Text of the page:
So in college sports, I admire the teams that play by the rules, and who see to it that their young men are not exploited. So I admire my alma mater, Stanford, and Pat Fitzgerald and the administration at Northwestern. I’m a bitter rival of Notre Dame, but respect how they treat their young men. I’m sure there are other teams, but wish there were many more.
But I need to isolate a professional team. It’s timely, but still justified, to single out the Green Bay Packers. They won the first Super Bowl and the most recent one, and won in decades in between. They’ve won through years of different executives and coaches. They have extraordinary fans–passionate, yet cordial to visitors. And their players generally stay out of trouble.
How did they do it? I think it’s partly psychological. There is just something about being a Packer, a heritage of which these players feel incredibly proud. When you tell a former Packer that he was a star, you can tell that he is more proud of having been a Packer, because of what that stands for.
I think the basketball player Maurice Lucas–who perhaps just coincidentally attended college in Wisconsin–put that Packer attitude best when a reporter asked him about being a star. “I don’t want to be thought of as a star,” Maurice answered, in his typical thoughtful way. “I want to be remembered as a player.” He meant someone who worked hard at his craft, and played for the wins and not the attention.
The entire history of the Packers is their realization of what football is about, and what it takes to succeed: toughness. As they say, football is not a contact sport; it’s a collision sport.
Perhaps the conclusion to be drawn is that success comes from the development of a strong and enduring culture.
Morris: If you could be commissioner of any one of the professional leagues (i.e. MLB, NBA, NFL, PGA), which would you select? Why?
Beckwith: I think football is the greatest game, and that football players are among sport’s best, courageous, and hardest-working men.
I’ve been around far too many professional basketball players to aspire to lead them–and I’d also say that the sheer complexity of pro football dictates that football players tend to be significantly more intelligent. I respect Kareem and Dr. J. and David Robinson, but then struggle to add to my list of admired basketball players. But in football, heavens: Jerry Rice, Jim Plunkett, Gene Washington, Gale Sayers, Andrew Luck, Calvin Hill, Walter Payton, Barry Sanders, Peyton Manning, Andrew Luck, Alan Page, Joe Montana . . .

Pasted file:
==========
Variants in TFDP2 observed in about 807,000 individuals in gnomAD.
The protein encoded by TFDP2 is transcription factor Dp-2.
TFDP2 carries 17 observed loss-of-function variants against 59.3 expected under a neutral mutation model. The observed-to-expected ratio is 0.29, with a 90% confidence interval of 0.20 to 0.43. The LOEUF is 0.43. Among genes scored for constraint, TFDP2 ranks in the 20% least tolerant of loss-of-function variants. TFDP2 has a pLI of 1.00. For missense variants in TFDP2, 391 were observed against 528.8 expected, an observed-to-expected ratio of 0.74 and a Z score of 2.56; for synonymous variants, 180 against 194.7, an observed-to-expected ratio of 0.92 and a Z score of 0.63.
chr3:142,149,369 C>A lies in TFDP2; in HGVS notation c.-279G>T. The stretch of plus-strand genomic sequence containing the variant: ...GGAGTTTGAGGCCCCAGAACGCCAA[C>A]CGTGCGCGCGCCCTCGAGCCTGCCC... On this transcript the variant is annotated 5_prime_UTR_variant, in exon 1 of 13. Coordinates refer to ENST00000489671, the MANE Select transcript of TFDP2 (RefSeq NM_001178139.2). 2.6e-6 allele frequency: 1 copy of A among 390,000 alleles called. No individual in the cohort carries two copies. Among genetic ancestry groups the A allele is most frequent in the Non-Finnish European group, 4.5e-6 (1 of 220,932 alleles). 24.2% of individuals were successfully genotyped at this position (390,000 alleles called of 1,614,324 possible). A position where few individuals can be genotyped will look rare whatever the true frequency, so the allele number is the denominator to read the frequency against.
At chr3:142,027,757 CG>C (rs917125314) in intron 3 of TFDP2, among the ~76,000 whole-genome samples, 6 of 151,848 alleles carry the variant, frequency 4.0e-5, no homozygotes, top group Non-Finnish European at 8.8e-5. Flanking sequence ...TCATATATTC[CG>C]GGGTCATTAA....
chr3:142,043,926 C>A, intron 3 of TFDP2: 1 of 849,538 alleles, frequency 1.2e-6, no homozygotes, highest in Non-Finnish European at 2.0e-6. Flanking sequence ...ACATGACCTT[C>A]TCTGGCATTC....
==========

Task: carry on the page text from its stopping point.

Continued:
Plus the NFL, starting with Pete Roselle, has been very well-run. So I wouldn’t have to reinvent much.
Being the PGA commissioner would be dreadful. The game just doesn’t have the same excitement as the others. Fun to play, far less fun to watch. It’s more like chess.
Morris: Are career opportunities for school and college graduates today better, worse, or about the same was they were in (let’s say) 2000? Please explain.
Beckwith: It’s a wonderful era for some creative people. You can leave college early, invent a product, start a company, make enough money to provide for you for the rest of your life–all that to an extent that wasn’t possible 40 years ago.
But that’s the exception. I’d insult several million American men and women under 30 if I said that these are better times. But increasingly, you are competing against the world. Legal research and tax accounting is being outsourced to India, as one example. We have talented and well-educated people who cannot find work; it’s a white collar recession, too, as opposed to the much bluer collar recessions of previous years.
It’s always been said that business is competitive. But we now play against teams from dozens of countries. And I don’t think our reign as the world’s economic superpower is assured. Like you, I’ve studied a lot of history. Empires don’t last forever.
Morris: What is the single most valuable life lesson you ever learned? Please explain the source, circumstances, and significance.
Beckwith: I love that question.
I seem to learn a critical new lesson every year. That’s not necessarily a great thing; it means it took me over 50 years before I finally figured out many of these things.
To isolate the lesson that’s most vivid to me now, it’s that the meaning of life certainly is not one’s achievements. When I think of what I want for my children, I realize from that question what I value most, including for myself: To be respected, generous, and happy. That naturally means that you need to be good, honest, giving, and grateful for what you have, whatever you have, and for life itself.
Morris: Is there any one business thinker who has had the greatest influence on your professional development?
Beckwith: No. But I did appreciate Peter Drucker and Ted Levitt. And the clarity and directness with which Robert Townsend (Up the Organization) wrote influenced the way that I write–but so did John McPhee and Kurt Vonnegut, who writes on dozens of subjects but not on business.
Morris: Here’s a hypothetical situation. You will host a private dinner to which you can invite any 6-8 people, living or dead, and each would be in her or his prime. Who would they be? Please explain the reasons for selecting each.
Beckwith: I am intrigued by DaVinci’s genius. I would want to try to study him while I was pretending just to be passing the salad dressing.
I am impressed by courage, which would lead me to invite Sir Thomas More.